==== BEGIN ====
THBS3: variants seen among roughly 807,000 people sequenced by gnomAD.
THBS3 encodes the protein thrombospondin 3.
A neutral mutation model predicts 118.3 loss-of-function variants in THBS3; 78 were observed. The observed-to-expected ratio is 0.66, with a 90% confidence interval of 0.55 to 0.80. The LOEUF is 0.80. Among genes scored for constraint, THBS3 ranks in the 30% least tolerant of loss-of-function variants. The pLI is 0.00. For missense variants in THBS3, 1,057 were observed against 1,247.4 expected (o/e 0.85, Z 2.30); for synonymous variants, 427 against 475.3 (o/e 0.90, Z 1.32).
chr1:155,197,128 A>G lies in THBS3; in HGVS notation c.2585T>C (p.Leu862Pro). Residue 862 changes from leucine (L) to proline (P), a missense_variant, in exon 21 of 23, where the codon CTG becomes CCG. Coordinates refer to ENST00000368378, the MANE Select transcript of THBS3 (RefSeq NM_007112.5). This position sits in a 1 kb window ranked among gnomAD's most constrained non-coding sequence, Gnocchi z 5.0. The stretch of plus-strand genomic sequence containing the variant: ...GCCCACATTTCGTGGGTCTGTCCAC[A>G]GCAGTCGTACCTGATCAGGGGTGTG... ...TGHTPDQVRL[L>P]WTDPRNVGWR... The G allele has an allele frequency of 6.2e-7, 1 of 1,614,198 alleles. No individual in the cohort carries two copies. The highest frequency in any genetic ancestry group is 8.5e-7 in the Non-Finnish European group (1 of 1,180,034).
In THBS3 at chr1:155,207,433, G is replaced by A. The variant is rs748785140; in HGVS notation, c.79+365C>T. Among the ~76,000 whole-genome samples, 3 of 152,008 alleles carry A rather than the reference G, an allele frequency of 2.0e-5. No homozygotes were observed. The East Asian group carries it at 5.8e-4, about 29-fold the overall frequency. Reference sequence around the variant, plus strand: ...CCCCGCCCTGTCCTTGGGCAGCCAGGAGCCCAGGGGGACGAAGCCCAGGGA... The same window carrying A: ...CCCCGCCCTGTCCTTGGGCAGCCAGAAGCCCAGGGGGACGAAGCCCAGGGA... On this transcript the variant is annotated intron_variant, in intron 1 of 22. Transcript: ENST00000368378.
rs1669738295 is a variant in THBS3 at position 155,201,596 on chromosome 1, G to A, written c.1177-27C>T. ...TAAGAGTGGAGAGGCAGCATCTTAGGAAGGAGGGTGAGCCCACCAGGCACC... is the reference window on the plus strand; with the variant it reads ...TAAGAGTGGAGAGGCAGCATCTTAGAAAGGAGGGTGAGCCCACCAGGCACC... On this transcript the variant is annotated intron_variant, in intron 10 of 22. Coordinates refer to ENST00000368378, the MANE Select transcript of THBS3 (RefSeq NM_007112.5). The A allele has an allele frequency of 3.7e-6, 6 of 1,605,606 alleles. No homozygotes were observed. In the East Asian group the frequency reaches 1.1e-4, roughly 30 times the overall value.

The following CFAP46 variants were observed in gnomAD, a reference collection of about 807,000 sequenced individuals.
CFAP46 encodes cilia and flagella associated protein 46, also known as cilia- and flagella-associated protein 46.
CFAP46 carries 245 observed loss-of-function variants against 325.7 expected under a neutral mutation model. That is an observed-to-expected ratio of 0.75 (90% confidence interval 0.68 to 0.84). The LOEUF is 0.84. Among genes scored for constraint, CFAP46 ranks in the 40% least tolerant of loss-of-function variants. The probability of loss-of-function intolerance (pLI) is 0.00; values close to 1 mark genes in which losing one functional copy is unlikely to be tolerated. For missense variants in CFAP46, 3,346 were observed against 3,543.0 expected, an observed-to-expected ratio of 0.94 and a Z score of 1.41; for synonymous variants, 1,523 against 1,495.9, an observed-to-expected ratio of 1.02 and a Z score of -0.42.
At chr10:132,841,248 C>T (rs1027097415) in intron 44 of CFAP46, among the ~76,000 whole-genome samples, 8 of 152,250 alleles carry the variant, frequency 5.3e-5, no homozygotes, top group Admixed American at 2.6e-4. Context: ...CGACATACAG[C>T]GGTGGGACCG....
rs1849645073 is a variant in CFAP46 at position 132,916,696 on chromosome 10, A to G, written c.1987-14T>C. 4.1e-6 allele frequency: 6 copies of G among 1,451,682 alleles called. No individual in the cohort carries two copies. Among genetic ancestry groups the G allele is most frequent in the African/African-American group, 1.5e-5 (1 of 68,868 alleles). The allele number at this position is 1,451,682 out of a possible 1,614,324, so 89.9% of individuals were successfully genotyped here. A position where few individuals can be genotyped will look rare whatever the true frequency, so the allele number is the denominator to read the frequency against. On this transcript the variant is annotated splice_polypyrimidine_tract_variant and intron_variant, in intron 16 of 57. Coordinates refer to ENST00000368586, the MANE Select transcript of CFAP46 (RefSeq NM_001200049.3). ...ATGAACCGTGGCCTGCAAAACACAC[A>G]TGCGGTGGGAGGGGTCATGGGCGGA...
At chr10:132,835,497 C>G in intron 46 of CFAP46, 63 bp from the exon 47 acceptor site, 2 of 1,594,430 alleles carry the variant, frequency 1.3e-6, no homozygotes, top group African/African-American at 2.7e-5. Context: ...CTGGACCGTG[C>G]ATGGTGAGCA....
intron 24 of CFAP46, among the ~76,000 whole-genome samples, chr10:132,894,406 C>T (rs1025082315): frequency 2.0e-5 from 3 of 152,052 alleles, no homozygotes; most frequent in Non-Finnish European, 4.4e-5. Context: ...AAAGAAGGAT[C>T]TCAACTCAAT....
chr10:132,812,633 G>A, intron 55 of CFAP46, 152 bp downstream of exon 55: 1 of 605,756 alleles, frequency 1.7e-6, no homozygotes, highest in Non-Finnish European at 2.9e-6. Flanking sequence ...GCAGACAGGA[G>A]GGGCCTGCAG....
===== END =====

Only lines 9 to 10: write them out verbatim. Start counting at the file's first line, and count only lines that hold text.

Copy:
CFAP46 carries 245 observed loss-of-function variants against 325.7 expected under a neutral mutation model. That is an observed-to-expected ratio of 0.75 (90% confidence interval 0.68 to 0.84). The LOEUF is 0.84. Among genes scored for constraint, CFAP46 ranks in the 40% least tolerant of loss-of-function variants. The probability of loss-of-function intolerance (pLI) is 0.00; values close to 1 mark genes in which losing one functional copy is unlikely to be tolerated. For missense variants in CFAP46, 3,346 were observed against 3,543.0 expected, an observed-to-expected ratio of 0.94 and a Z score of 1.41; for synonymous variants, 1,523 against 1,495.9, an observed-to-expected ratio of 1.02 and a Z score of -0.42.
At chr10:132,841,248 C>T (rs1027097415) in intron 44 of CFAP46, among the ~76,000 whole-genome samples, 8 of 152,250 alleles carry the variant, frequency 5.3e-5, no homozygotes, top group Admixed American at 2.6e-4. Context: ...CGACATACAG[C>T]GGTGGGACCG....